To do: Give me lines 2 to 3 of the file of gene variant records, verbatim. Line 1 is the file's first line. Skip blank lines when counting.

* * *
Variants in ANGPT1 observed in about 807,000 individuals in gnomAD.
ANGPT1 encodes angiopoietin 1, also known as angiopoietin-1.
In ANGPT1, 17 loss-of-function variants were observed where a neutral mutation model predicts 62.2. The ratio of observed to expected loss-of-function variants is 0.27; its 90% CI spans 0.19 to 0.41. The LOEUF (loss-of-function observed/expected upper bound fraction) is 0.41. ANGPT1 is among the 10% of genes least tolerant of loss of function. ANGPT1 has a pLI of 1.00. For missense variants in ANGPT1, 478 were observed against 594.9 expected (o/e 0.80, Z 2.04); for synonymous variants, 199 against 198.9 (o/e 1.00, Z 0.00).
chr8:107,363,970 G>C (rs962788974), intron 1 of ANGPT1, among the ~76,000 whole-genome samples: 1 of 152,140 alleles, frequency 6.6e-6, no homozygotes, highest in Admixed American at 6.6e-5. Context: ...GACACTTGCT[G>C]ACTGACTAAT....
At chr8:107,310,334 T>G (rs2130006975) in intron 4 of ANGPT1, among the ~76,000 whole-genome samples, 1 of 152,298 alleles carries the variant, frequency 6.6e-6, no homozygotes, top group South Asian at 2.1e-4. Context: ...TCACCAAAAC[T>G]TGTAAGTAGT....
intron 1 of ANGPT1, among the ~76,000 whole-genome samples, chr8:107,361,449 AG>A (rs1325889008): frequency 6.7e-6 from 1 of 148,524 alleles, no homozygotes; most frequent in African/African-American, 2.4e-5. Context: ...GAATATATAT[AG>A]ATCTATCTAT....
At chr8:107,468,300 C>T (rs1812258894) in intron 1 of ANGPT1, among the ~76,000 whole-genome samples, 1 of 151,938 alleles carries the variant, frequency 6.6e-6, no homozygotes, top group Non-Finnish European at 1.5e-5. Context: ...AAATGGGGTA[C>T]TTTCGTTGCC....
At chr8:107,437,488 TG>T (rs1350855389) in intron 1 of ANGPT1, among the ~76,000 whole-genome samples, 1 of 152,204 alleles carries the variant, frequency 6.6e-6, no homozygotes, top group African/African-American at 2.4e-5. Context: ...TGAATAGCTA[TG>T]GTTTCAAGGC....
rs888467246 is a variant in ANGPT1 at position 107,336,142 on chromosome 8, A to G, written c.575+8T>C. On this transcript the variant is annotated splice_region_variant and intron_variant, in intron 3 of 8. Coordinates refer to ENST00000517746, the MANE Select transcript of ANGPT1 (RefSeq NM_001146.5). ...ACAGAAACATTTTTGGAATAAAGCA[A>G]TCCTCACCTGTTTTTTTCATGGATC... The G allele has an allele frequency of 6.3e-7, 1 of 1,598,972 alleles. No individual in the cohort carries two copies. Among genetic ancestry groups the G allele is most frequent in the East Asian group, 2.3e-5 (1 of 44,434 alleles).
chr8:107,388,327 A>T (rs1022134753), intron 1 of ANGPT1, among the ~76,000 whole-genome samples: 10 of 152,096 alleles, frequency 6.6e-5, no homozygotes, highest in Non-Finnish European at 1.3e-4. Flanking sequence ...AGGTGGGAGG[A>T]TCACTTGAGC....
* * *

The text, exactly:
ANGPT1 encodes angiopoietin 1, also known as angiopoietin-1.
In ANGPT1, 17 loss-of-function variants were observed where a neutral mutation model predicts 62.2. The ratio of observed to expected loss-of-function variants is 0.27; its 90% CI spans 0.19 to 0.41. The LOEUF (loss-of-function observed/expected upper bound fraction) is 0.41. ANGPT1 is among the 10% of genes least tolerant of loss of function. ANGPT1 has a pLI of 1.00. For missense variants in ANGPT1, 478 were observed against 594.9 expected (o/e 0.80, Z 2.04); for synonymous variants, 199 against 198.9 (o/e 1.00, Z 0.00).